Health care is, undoubtedly, an area in which intersector projects have the potential to make a significant impact. A few weeks ago, a public-private partnership to identify and provide help for at-risk Medicaid patients was announced in West Virginia.
The Department of Health and Human Resources (DHHR) and the non-profitPartners in Health Network are teaming together to identify Medicaid patients who visit emergency rooms. Their goals is to deliver preventative care to these patients, allaying the need for future emergency room visits. The hope is that the partnership will improve care for Medicaid patients and ultimately cut down on health care costs.
These cross-sector collaborations are one way of changing health outcomes, said DHHR Cabinet Secretary Karen Bowling. “As we begin to think about how do we change things, and move West Virginia in the right direction to change our health outcomes, we have got to have these types of programs in place so that there is sort of an acknowledgement of the need to do things differently,” she said.
This is not the first time the West Virginia DHHR has actively collaborated with businesses and non-profits. West Virginia’s West Child and Family Services Plan outlines collaborations between internal and external stakeholders to ensure child welfare data is shared on a regular basis. Through this initiative, members from both government and business work together to assess agency strengths and areas needing improvement. The goals and objectives for improvement are then determined through a “coordinated and collective process.”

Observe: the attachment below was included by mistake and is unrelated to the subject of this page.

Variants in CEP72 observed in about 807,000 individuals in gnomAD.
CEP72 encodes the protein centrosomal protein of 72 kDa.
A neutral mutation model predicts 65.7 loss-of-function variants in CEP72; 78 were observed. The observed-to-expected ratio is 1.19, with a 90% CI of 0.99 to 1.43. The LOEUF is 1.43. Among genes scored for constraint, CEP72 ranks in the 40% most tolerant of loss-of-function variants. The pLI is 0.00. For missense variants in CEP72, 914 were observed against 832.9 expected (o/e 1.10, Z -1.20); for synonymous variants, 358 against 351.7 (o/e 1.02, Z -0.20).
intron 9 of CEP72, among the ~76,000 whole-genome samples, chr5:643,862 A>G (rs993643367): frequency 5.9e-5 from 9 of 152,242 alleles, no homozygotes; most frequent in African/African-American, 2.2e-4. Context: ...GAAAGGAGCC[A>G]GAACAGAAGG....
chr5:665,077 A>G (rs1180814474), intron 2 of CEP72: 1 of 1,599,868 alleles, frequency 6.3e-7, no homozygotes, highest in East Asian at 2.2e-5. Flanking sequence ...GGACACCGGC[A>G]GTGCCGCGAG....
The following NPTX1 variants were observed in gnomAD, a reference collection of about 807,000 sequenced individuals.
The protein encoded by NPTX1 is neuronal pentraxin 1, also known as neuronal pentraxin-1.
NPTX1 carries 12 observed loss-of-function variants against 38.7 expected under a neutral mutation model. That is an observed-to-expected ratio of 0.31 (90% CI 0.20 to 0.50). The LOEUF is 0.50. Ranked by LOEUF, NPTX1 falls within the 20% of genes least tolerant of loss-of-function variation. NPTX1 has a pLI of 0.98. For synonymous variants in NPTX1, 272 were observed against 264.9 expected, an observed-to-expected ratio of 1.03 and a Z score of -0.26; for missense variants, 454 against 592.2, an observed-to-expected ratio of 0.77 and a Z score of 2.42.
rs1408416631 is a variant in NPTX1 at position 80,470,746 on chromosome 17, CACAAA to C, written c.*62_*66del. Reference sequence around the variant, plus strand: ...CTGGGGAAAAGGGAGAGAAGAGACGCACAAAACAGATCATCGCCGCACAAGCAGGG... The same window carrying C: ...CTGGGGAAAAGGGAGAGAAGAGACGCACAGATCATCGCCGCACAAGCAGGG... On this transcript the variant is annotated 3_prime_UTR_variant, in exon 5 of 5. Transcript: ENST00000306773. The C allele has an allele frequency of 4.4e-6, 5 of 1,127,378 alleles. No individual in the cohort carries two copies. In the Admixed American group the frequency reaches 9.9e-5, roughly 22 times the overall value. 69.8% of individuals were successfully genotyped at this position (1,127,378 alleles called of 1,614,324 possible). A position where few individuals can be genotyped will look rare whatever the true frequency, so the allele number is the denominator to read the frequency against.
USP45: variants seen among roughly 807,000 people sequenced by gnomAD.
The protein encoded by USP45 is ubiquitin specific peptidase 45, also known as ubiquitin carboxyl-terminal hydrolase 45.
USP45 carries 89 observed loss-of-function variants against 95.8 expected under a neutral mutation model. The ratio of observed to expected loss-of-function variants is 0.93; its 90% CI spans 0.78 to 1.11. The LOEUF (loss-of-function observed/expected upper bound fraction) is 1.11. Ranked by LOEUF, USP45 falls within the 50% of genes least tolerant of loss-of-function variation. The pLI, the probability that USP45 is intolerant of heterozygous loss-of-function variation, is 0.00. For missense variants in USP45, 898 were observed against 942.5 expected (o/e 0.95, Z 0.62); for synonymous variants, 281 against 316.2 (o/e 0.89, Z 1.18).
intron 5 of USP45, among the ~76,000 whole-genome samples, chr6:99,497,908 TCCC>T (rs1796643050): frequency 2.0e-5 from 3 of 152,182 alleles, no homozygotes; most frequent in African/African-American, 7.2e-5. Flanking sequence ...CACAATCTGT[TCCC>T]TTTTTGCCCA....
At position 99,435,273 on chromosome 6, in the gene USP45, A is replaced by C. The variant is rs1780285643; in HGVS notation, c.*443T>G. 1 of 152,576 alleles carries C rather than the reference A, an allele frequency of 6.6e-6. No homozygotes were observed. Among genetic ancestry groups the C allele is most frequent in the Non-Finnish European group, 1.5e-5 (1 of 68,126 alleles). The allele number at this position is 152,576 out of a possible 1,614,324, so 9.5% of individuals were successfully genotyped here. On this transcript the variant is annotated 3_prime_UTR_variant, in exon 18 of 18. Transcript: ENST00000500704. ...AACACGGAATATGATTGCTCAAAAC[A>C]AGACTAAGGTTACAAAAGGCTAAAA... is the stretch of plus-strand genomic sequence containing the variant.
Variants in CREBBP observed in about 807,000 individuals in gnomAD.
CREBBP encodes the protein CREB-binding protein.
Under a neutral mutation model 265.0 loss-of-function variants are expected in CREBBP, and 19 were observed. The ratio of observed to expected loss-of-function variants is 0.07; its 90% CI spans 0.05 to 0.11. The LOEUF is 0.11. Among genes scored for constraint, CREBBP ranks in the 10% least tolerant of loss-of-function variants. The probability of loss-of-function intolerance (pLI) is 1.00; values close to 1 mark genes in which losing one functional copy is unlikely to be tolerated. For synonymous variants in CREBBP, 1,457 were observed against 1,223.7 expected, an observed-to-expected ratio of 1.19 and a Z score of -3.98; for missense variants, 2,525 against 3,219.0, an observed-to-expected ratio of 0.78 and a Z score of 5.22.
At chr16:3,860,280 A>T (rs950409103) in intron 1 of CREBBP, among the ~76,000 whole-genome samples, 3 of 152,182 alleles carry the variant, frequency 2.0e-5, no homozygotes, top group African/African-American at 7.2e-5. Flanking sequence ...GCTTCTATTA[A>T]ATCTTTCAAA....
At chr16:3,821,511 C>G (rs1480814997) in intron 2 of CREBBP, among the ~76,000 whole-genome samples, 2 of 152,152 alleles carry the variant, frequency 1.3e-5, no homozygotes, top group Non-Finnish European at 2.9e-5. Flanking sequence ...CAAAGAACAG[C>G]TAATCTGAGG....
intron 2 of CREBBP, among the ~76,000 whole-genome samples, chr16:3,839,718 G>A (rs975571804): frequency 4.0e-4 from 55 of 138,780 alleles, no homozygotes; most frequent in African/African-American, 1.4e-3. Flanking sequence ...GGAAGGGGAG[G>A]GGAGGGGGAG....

This article was originally posted on the blog of The Intersector Project, a 501(c)(3) non-profit organization dedicated to advancing collaboration across sectors as a way to address society's complex issues, and is republished here with permission.